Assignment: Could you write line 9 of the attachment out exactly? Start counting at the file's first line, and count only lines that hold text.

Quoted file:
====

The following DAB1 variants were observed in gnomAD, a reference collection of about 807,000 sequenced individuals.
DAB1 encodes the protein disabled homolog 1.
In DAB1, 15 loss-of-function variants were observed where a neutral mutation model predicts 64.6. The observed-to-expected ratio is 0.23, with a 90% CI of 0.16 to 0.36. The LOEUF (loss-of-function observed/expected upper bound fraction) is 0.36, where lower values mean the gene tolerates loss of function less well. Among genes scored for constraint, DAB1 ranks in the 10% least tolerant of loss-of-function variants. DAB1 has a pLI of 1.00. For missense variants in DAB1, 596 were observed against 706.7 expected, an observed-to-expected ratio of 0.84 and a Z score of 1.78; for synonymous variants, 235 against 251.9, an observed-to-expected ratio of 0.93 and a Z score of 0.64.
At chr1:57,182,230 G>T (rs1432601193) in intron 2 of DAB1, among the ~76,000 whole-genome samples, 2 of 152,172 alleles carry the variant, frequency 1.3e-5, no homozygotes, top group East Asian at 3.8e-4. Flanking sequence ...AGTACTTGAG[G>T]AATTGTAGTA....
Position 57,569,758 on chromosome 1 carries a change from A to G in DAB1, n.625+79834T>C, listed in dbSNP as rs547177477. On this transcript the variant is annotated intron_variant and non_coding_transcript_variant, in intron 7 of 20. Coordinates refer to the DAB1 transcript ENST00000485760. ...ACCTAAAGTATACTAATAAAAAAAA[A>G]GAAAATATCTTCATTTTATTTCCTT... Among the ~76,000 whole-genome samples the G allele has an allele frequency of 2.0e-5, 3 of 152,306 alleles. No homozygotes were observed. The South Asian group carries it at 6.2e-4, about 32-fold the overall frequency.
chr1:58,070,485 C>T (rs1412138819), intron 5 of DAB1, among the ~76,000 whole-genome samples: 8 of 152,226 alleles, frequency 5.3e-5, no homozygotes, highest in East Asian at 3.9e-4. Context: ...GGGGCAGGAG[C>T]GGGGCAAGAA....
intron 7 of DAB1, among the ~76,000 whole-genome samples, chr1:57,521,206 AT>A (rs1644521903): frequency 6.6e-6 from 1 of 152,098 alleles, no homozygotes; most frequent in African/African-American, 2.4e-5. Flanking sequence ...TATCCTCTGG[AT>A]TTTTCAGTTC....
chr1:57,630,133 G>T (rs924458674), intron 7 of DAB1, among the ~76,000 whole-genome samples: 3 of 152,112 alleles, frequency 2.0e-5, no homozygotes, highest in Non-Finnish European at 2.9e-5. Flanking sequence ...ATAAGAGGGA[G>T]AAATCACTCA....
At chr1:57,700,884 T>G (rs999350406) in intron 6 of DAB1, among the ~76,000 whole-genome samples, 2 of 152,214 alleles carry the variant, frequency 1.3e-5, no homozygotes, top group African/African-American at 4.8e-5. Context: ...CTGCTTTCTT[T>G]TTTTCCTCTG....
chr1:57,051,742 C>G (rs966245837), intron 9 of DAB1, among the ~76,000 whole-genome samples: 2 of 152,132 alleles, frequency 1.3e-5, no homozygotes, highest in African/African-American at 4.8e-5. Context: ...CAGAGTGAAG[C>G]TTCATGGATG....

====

At chr1:57,700,884 T>G (rs999350406) in intron 6 of DAB1, among the ~76,000 whole-genome samples, 2 of 152,214 alleles carry the variant, frequency 1.3e-5, no homozygotes, top group African/African-American at 4.8e-5. Context: ...CTGCTTTCTT[T>G]TTTTCCTCTG....